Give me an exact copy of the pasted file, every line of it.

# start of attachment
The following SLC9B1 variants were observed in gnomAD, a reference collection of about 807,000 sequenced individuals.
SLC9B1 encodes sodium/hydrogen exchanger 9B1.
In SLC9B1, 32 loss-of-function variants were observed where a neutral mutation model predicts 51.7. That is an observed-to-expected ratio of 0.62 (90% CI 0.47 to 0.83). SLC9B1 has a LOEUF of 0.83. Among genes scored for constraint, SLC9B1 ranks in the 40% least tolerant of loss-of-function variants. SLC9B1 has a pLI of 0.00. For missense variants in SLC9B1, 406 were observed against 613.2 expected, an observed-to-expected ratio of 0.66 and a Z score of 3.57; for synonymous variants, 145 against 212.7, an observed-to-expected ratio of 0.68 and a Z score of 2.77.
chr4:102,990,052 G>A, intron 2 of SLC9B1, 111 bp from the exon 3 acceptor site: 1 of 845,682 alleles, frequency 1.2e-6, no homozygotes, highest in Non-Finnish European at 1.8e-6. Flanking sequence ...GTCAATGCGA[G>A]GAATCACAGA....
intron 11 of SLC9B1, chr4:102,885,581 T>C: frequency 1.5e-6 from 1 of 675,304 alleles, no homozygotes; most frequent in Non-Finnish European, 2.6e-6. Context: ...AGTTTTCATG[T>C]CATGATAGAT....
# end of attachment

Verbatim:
The following SLC9B1 variants were observed in gnomAD, a reference collection of about 807,000 sequenced individuals.
SLC9B1 encodes sodium/hydrogen exchanger 9B1.
In SLC9B1, 32 loss-of-function variants were observed where a neutral mutation model predicts 51.7. That is an observed-to-expected ratio of 0.62 (90% CI 0.47 to 0.83). SLC9B1 has a LOEUF of 0.83. Among genes scored for constraint, SLC9B1 ranks in the 40% least tolerant of loss-of-function variants. SLC9B1 has a pLI of 0.00. For missense variants in SLC9B1, 406 were observed against 613.2 expected, an observed-to-expected ratio of 0.66 and a Z score of 3.57; for synonymous variants, 145 against 212.7, an observed-to-expected ratio of 0.68 and a Z score of 2.77.
chr4:102,990,052 G>A, intron 2 of SLC9B1, 111 bp from the exon 3 acceptor site: 1 of 845,682 alleles, frequency 1.2e-6, no homozygotes, highest in Non-Finnish European at 1.8e-6. Flanking sequence ...GTCAATGCGA[G>A]GAATCACAGA....
intron 11 of SLC9B1, chr4:102,885,581 T>C: frequency 1.5e-6 from 1 of 675,304 alleles, no homozygotes; most frequent in Non-Finnish European, 2.6e-6. Context: ...AGTTTTCATG[T>C]CATGATAGAT....